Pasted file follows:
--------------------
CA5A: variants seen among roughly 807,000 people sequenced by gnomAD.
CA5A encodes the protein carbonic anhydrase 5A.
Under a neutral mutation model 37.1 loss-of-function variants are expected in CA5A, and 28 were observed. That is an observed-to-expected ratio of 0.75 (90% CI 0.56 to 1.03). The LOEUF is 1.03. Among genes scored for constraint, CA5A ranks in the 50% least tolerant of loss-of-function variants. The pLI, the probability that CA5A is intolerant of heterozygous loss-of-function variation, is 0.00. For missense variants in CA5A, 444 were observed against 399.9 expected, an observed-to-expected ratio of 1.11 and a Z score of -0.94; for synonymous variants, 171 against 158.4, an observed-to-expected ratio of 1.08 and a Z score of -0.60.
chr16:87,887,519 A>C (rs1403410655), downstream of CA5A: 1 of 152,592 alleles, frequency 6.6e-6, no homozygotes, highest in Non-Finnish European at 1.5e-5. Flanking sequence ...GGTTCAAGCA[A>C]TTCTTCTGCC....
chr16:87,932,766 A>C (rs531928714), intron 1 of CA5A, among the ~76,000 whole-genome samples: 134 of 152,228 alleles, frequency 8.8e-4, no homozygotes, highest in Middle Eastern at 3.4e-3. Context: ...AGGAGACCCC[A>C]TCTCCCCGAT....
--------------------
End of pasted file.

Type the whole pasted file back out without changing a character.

CA5A: variants seen among roughly 807,000 people sequenced by gnomAD.
CA5A encodes the protein carbonic anhydrase 5A.
Under a neutral mutation model 37.1 loss-of-function variants are expected in CA5A, and 28 were observed. That is an observed-to-expected ratio of 0.75 (90% CI 0.56 to 1.03). The LOEUF is 1.03. Among genes scored for constraint, CA5A ranks in the 50% least tolerant of loss-of-function variants. The pLI, the probability that CA5A is intolerant of heterozygous loss-of-function variation, is 0.00. For missense variants in CA5A, 444 were observed against 399.9 expected, an observed-to-expected ratio of 1.11 and a Z score of -0.94; for synonymous variants, 171 against 158.4, an observed-to-expected ratio of 1.08 and a Z score of -0.60.
chr16:87,887,519 A>C (rs1403410655), downstream of CA5A: 1 of 152,592 alleles, frequency 6.6e-6, no homozygotes, highest in Non-Finnish European at 1.5e-5. Flanking sequence ...GGTTCAAGCA[A>C]TTCTTCTGCC....
chr16:87,932,766 A>C (rs531928714), intron 1 of CA5A, among the ~76,000 whole-genome samples: 134 of 152,228 alleles, frequency 8.8e-4, no homozygotes, highest in Middle Eastern at 3.4e-3. Context: ...AGGAGACCCC[A>C]TCTCCCCGAT....